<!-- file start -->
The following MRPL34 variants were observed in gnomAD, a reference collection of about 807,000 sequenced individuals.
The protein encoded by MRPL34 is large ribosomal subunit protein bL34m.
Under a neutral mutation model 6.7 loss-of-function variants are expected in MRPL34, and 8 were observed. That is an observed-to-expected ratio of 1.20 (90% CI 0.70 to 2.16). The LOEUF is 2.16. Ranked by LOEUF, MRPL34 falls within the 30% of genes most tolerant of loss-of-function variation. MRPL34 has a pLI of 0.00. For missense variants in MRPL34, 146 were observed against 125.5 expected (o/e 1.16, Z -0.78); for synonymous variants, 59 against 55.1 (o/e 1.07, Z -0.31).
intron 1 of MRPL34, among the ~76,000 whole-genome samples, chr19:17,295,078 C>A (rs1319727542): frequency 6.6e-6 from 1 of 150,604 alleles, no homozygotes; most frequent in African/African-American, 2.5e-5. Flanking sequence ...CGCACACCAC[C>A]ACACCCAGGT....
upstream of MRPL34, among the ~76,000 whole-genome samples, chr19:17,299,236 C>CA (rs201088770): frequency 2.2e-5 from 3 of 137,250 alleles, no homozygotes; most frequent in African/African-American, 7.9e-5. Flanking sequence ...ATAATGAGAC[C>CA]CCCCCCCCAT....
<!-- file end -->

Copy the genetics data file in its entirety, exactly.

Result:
The following MRPL34 variants were observed in gnomAD, a reference collection of about 807,000 sequenced individuals.
The protein encoded by MRPL34 is large ribosomal subunit protein bL34m.
Under a neutral mutation model 6.7 loss-of-function variants are expected in MRPL34, and 8 were observed. That is an observed-to-expected ratio of 1.20 (90% CI 0.70 to 2.16). The LOEUF is 2.16. Ranked by LOEUF, MRPL34 falls within the 30% of genes most tolerant of loss-of-function variation. MRPL34 has a pLI of 0.00. For missense variants in MRPL34, 146 were observed against 125.5 expected (o/e 1.16, Z -0.78); for synonymous variants, 59 against 55.1 (o/e 1.07, Z -0.31).
intron 1 of MRPL34, among the ~76,000 whole-genome samples, chr19:17,295,078 C>A (rs1319727542): frequency 6.6e-6 from 1 of 150,604 alleles, no homozygotes; most frequent in African/African-American, 2.5e-5. Flanking sequence ...CGCACACCAC[C>A]ACACCCAGGT....
upstream of MRPL34, among the ~76,000 whole-genome samples, chr19:17,299,236 C>CA (rs201088770): frequency 2.2e-5 from 3 of 137,250 alleles, no homozygotes; most frequent in African/African-American, 7.9e-5. Flanking sequence ...ATAATGAGAC[C>CA]CCCCCCCCAT....